Tekapo Power Scheme description
Tekapo A power station (27MW)
Lake Tekapo is the source of water for the entire Tekapo Power Scheme. The lake is dammed by the Lake Tekapo Control Structure at the head of the Tekapo River which also forms the bridge over the river at State Highway 8.
Construction of Tekapo A began in 1938 but was halted between 1942 and 1944 as labour and materials were diverted to World War II. The station was finally commissioned in 1951. Tekapo A Power Station generates electricity from water diverted from Lake Tekapo via a 1.4 kilometre intake tunnel.
In 1970 a 25.5 kilometre canal was constructed to take outflows from Tekapo A to Tekapo B. The Tekapo Canal has a maximum capacity of 130 cubic metres per second.
Water in Lake Tekapo can bypass Tekapo A Power Station via water releases through the Lake Tekapo Control Structure (State Highway 8 bridge at Tekapo). When the control gates are open water flows down the upper Tekapo River to Lake George Scott.
Water can then be released into the Tekapo Canal via a gate in the control structure that impounds Lake George Scott.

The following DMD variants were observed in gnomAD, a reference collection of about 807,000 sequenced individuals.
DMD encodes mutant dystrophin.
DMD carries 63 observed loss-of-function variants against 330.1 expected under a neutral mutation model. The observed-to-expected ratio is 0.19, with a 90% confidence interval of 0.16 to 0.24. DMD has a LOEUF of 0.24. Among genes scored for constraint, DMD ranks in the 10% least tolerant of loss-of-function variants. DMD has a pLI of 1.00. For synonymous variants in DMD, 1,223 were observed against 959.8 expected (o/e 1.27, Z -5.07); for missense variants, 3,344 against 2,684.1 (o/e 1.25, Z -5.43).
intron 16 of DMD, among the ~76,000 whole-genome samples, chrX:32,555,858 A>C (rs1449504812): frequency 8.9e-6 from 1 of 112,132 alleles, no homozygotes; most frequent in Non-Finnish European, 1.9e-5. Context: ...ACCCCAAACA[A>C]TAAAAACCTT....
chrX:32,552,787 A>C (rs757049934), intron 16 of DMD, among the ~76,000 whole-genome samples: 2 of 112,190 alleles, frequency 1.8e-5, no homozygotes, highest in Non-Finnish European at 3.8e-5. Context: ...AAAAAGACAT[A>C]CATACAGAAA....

Tekapo B power station (160MW)
Commissioned in 1977, Tekapo B is the only power station in New Zealand completely surrounded by water. Sitting in Lake Pukaki, esentially as an island, the station is connected to land via a 74 metre long bridge and boasts outstanding views of Aoraki Mt Cook.
Constructed on huge concrete raft foundations, Tekapo B is 46 metres high. However, nearly two thirds of the power station is below the waterline. The station is powered by water from the Tekapo Canal with outflows entering Lake Pukaki. This same water then passes through a further six power stations within the Waitaki Catchment.